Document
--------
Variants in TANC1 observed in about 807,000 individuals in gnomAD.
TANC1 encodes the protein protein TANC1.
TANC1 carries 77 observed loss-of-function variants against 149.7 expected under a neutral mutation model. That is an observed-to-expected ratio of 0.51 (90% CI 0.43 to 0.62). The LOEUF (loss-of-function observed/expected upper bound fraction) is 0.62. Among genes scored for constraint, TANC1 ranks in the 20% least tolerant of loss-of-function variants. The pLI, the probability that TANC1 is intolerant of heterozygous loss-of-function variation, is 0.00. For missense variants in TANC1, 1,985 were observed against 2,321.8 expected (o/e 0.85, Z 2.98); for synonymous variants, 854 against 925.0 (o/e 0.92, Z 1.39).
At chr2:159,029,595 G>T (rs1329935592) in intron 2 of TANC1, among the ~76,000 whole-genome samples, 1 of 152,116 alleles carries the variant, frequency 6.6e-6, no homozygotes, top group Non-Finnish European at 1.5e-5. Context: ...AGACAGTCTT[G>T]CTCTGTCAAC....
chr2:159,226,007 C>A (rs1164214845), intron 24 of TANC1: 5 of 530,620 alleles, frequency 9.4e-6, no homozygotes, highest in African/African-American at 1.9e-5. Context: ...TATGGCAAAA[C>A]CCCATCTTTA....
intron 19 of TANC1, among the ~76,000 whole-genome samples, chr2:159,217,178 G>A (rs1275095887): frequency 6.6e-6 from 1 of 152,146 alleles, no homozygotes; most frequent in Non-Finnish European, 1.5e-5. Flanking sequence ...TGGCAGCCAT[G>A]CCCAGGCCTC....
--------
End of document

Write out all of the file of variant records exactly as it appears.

Variants in TANC1 observed in about 807,000 individuals in gnomAD.
TANC1 encodes the protein protein TANC1.
TANC1 carries 77 observed loss-of-function variants against 149.7 expected under a neutral mutation model. That is an observed-to-expected ratio of 0.51 (90% CI 0.43 to 0.62). The LOEUF (loss-of-function observed/expected upper bound fraction) is 0.62. Among genes scored for constraint, TANC1 ranks in the 20% least tolerant of loss-of-function variants. The pLI, the probability that TANC1 is intolerant of heterozygous loss-of-function variation, is 0.00. For missense variants in TANC1, 1,985 were observed against 2,321.8 expected (o/e 0.85, Z 2.98); for synonymous variants, 854 against 925.0 (o/e 0.92, Z 1.39).
At chr2:159,029,595 G>T (rs1329935592) in intron 2 of TANC1, among the ~76,000 whole-genome samples, 1 of 152,116 alleles carries the variant, frequency 6.6e-6, no homozygotes, top group Non-Finnish European at 1.5e-5. Context: ...AGACAGTCTT[G>T]CTCTGTCAAC....
chr2:159,226,007 C>A (rs1164214845), intron 24 of TANC1: 5 of 530,620 alleles, frequency 9.4e-6, no homozygotes, highest in African/African-American at 1.9e-5. Context: ...TATGGCAAAA[C>A]CCCATCTTTA....
intron 19 of TANC1, among the ~76,000 whole-genome samples, chr2:159,217,178 G>A (rs1275095887): frequency 6.6e-6 from 1 of 152,146 alleles, no homozygotes; most frequent in Non-Finnish European, 1.5e-5. Flanking sequence ...TGGCAGCCAT[G>A]CCCAGGCCTC....